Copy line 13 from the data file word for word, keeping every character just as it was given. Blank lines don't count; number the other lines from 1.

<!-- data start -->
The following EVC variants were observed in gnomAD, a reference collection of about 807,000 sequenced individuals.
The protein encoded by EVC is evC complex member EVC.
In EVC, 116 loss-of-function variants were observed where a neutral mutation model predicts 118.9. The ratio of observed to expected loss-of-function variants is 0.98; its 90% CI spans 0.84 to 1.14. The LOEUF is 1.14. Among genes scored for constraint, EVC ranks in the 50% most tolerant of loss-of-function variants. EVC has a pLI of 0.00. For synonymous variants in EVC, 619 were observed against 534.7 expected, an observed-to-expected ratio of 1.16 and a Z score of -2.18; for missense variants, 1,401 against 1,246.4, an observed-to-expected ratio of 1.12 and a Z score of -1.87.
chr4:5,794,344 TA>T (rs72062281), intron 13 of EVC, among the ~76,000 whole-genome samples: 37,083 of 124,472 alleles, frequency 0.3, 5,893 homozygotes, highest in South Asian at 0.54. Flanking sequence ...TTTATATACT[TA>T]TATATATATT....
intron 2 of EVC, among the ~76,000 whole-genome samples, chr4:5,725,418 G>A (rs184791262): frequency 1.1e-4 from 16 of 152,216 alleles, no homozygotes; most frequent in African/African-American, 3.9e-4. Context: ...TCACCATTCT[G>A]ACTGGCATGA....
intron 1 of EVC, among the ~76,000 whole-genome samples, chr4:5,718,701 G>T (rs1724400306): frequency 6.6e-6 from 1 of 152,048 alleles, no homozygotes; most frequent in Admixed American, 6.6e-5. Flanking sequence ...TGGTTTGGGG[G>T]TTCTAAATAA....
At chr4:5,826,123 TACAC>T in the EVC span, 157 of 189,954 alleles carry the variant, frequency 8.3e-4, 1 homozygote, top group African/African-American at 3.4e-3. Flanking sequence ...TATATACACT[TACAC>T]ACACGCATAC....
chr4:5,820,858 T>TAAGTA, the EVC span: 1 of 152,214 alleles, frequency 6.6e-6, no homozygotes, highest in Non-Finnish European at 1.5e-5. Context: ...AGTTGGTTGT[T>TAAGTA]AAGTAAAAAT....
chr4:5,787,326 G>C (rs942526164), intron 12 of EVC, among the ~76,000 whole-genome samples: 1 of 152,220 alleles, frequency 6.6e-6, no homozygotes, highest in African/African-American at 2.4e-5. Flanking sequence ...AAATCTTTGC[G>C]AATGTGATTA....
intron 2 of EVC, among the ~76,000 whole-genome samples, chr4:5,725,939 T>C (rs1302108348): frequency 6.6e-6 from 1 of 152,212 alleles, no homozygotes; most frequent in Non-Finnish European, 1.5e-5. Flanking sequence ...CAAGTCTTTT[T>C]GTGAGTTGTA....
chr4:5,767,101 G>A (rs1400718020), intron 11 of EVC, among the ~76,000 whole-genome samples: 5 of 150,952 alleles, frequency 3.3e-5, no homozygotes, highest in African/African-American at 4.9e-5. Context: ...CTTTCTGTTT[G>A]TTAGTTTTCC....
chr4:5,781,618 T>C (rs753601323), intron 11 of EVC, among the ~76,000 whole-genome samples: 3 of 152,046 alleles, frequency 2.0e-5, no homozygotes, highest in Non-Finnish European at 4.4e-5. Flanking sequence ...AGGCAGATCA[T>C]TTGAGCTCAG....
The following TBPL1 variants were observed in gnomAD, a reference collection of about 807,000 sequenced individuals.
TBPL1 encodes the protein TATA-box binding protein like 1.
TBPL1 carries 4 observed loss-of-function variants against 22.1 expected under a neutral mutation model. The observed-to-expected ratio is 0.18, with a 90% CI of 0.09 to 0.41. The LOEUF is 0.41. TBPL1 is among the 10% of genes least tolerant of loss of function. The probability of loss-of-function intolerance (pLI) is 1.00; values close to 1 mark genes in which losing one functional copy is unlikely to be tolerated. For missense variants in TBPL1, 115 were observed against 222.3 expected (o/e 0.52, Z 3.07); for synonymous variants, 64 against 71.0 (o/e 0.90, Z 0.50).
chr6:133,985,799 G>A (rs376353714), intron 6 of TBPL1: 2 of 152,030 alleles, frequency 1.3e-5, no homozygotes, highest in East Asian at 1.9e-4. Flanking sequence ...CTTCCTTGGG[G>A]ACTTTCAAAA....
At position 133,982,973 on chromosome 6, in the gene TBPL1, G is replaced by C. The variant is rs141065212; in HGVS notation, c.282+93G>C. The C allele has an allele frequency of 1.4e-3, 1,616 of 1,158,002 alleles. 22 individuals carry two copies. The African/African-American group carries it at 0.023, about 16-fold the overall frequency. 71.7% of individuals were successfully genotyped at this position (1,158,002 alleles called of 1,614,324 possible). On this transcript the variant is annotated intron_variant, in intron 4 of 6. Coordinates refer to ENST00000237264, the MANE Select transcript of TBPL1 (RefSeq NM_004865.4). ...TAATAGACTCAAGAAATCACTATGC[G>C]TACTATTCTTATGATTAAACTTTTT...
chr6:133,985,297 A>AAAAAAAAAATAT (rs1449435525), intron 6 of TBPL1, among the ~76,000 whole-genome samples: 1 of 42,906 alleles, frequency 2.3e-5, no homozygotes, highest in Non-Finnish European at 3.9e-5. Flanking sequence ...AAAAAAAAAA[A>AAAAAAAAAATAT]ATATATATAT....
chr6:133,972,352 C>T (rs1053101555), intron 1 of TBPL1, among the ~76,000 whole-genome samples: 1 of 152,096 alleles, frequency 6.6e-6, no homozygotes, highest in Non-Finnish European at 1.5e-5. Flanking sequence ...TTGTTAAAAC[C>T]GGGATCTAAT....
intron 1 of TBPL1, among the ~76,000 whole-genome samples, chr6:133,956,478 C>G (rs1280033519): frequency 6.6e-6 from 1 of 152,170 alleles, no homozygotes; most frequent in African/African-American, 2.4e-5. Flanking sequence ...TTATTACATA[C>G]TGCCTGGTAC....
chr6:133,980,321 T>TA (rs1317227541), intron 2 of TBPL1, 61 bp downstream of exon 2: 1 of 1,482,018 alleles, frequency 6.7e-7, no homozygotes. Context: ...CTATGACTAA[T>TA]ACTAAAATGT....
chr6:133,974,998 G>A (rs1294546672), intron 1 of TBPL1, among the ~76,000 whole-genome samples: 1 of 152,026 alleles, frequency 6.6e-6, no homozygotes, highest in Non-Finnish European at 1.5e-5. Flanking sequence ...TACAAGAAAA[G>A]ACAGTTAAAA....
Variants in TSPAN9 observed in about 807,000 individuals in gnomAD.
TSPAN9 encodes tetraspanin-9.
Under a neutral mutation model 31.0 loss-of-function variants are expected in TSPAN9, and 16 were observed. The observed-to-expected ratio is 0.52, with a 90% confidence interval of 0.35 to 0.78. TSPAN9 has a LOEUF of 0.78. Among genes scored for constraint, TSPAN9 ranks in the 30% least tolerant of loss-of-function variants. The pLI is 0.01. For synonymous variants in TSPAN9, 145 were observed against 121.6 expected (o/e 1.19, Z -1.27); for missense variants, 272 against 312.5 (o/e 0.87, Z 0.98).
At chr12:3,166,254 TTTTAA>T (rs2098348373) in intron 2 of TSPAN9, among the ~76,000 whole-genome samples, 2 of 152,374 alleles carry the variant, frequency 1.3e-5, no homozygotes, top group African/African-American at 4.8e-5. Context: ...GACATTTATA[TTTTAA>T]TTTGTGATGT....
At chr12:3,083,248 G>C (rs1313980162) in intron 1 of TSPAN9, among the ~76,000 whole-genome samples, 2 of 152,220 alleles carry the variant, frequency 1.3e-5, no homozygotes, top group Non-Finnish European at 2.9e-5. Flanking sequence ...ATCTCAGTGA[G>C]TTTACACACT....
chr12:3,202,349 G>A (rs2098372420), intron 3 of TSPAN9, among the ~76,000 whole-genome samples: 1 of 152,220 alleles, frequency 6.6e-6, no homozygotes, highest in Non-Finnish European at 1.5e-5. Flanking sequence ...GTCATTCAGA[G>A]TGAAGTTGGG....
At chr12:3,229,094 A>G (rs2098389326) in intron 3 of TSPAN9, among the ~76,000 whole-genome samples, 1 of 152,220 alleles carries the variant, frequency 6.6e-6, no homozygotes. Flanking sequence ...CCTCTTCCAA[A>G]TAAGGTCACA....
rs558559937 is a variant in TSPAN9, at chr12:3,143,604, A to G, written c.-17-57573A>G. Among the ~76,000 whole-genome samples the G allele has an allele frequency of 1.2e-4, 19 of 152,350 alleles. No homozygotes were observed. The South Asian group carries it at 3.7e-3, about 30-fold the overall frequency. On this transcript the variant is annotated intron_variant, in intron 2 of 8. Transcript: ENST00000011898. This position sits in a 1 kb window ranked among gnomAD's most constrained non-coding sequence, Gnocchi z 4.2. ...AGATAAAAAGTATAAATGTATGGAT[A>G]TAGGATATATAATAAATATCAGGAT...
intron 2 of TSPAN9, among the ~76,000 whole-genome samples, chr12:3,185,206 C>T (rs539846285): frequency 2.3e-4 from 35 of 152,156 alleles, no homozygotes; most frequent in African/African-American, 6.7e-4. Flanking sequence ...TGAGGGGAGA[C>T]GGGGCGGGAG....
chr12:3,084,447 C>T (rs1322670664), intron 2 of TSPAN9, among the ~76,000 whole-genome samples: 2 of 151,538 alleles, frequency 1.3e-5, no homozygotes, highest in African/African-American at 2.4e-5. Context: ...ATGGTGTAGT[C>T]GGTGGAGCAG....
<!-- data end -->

The following TBPL1 variants were observed in gnomAD, a reference collection of about 807,000 sequenced individuals.